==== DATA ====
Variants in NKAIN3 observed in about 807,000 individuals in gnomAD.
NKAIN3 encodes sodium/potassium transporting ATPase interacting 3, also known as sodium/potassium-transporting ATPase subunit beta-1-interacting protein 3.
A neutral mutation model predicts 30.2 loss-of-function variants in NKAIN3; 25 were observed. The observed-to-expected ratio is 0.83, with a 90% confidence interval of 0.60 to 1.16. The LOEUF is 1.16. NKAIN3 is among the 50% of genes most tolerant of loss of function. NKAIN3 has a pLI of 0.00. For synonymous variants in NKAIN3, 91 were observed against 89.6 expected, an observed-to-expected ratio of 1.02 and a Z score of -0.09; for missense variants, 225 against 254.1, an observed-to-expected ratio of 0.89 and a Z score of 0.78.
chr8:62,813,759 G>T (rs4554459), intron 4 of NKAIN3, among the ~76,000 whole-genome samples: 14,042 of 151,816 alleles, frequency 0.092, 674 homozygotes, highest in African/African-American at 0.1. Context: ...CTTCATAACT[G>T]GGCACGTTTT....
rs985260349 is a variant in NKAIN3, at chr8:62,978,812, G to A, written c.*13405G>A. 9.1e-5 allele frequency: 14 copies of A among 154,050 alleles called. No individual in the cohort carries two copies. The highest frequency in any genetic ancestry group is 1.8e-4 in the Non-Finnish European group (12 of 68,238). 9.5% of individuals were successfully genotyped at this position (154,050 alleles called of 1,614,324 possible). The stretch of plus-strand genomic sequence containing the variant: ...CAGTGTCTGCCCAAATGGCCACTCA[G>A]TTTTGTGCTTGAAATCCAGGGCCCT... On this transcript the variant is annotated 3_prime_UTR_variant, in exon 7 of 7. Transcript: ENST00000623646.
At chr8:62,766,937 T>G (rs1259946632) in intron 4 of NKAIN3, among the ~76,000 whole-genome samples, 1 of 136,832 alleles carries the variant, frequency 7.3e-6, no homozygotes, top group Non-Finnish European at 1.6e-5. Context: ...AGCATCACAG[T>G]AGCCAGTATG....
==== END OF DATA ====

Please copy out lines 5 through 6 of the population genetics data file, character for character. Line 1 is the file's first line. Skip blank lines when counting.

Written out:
rs985260349 is a variant in NKAIN3, at chr8:62,978,812, G to A, written c.*13405G>A. 9.1e-5 allele frequency: 14 copies of A among 154,050 alleles called. No individual in the cohort carries two copies. The highest frequency in any genetic ancestry group is 1.8e-4 in the Non-Finnish European group (12 of 68,238). 9.5% of individuals were successfully genotyped at this position (154,050 alleles called of 1,614,324 possible). The stretch of plus-strand genomic sequence containing the variant: ...CAGTGTCTGCCCAAATGGCCACTCA[G>A]TTTTGTGCTTGAAATCCAGGGCCCT... On this transcript the variant is annotated 3_prime_UTR_variant, in exon 7 of 7. Transcript: ENST00000623646.
At chr8:62,766,937 T>G (rs1259946632) in intron 4 of NKAIN3, among the ~76,000 whole-genome samples, 1 of 136,832 alleles carries the variant, frequency 7.3e-6, no homozygotes, top group Non-Finnish European at 1.6e-5. Context: ...AGCATCACAG[T>G]AGCCAGTATG....